Thoughts on life after the PhD
When thinking about health care gets too depressing, there’s nothing like a rich and hearty vegetarian meal to make everything better. This vegetarian pasta bolognese is absolutely amazing–even meat lovers will find it filling and delicious, I’d imagine. I seem to be becoming a sort of Giada de Laurentiis groupie–whenever I see her cook something I just have to try it, and I’m rarely disappointed. Though I’ve noticed she seems to put mascarpone cheese in almost everything, which probably isn’t something you want to be eating every day.
To make this recipe vegan, just omit the mascarpone and parmesan, it’ll still be really flavorful with all the wine and spices. And if porcini mushrooms are a bit pricey other reviewers of the recipe suggest adding chicken stock or veggie stock instead of the mushroom-water. You can also just chop everything by hand if you don’t have a food processor (oh, how I love my little food processor, though I’m quickly realizing that I need a bigger one). The total cost of this meal for me was about $5 per serving (thank you Trader Joe’s $1.99 wine), which definitely falls under Michael Pollan’s advice heading of “spend more, eat less.” It makes enough for four people as a main dish, five or six as a side.
Rigatoni with Vegetable Bolognese (courtesy Giada de Laurentiis)
Place the dried mushrooms in a small bowl and cover with 1 1/2 cups very hot water. Set aside and let the mushrooms soften.
Place the carrots, onion, bell pepper, and garlic in a food processor. Pulse the vegetables until finely chopped but still chunky. Place the olive oil in a large, heavy skillet over medium-high heat. Add the chopped vegetables, thyme, oregano, salt, and pepper and cook until tender, about 6 minutes. Strain the porcini mushrooms, reserving the porcini mushroom liquid. Add the porcini mushrooms, fresh mushrooms, and tomato paste and continue cooking, stirring to dissolve the tomato paste, until the mushrooms are softened, about 5 minutes. Add the porcini mushroom liquid and red wine. Bring the liquid to a boil, reduce the heat to low, and let the mixture simmer until the liquid is reduced by half, about 10 minutes. Add mascarpone cheese and stir just until the cheese is incorporated.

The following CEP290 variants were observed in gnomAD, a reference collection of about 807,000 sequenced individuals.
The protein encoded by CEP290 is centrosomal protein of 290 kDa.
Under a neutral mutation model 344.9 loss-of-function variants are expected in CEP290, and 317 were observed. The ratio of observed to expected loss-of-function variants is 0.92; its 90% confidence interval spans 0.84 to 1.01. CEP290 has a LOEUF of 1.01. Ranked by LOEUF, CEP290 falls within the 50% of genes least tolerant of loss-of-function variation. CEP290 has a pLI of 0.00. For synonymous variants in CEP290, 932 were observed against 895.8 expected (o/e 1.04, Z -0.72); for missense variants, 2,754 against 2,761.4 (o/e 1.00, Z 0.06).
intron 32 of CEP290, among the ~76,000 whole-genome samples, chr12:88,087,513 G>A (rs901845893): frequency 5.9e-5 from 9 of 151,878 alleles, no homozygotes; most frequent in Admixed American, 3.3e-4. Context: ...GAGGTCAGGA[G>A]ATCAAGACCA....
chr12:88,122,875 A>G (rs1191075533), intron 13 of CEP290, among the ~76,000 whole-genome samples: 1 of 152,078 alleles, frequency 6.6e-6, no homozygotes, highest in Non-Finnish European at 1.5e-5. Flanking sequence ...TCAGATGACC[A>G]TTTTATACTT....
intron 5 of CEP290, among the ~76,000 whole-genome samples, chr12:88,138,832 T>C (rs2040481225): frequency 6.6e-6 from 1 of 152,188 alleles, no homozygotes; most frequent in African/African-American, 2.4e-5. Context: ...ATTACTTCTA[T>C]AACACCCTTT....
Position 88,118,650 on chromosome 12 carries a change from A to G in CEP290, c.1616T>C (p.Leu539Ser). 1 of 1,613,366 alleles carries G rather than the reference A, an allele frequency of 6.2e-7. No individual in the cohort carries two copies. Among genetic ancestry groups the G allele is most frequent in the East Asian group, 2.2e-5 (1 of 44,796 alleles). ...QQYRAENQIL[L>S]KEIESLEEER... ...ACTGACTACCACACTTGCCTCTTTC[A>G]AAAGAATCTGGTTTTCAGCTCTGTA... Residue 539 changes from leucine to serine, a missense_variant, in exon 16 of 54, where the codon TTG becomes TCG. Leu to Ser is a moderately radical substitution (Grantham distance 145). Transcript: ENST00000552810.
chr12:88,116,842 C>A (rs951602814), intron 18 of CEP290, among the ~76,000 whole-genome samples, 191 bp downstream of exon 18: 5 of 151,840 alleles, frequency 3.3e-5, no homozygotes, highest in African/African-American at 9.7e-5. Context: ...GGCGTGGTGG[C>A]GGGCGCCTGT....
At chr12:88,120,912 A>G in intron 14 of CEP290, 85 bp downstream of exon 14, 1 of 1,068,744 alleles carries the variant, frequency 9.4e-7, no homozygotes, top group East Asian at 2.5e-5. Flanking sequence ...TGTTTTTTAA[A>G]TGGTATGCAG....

Meanwhile, bring a large pot of salted water to a boil over high heat. Add the pasta and cook until tender but still firm to the bite, stirring occasionally, about 8 to 10 minutes. Drain pasta, reserving 1/2 cup of the cooking liquid and add to the vegetable mixture. Add some of the reserved pasta cooking liquid, if necessary, to moisten the sauce. Toss with Parmesan and serve.
And an extra recipe that I’m also addicted to (the dressing is SO good). I’m not a fan of raw tomatoes so I leave them out, but it’s still great:
Anytime Vegetable Salad
Cook the edamame in a large pot of boiling water until crisp-tender, about 3 minutes. Drain. Rinse with cold water, then drain well and pat dry. Repeat with the green beans and yellow beans. Combine the vegetables in a bowl.
Add the vinegar, oil, herbs, 1 teaspoon of salt, and 3/4 teaspoon pepper to a glass screw-top jar. Seal the jar and shake vigorously to mix the vinaigrette.
When you’re ready to serve, shake the jar again to re-mix the vinaigrette and pour it over the vegetables. Season with more salt and pepper, if desired.
Alternate Method: Whisk the vinegar, 1 teaspoon of salt, and 3/4 teaspoon of pepper in a large bowl to blend. Gradually whisk in the oil. Add all of the beans, tomatoes, basil, and thyme, and toss to coat. Season the salad, to taste, with more salt and pepper, and serve.
Thoughts on life after the PhD
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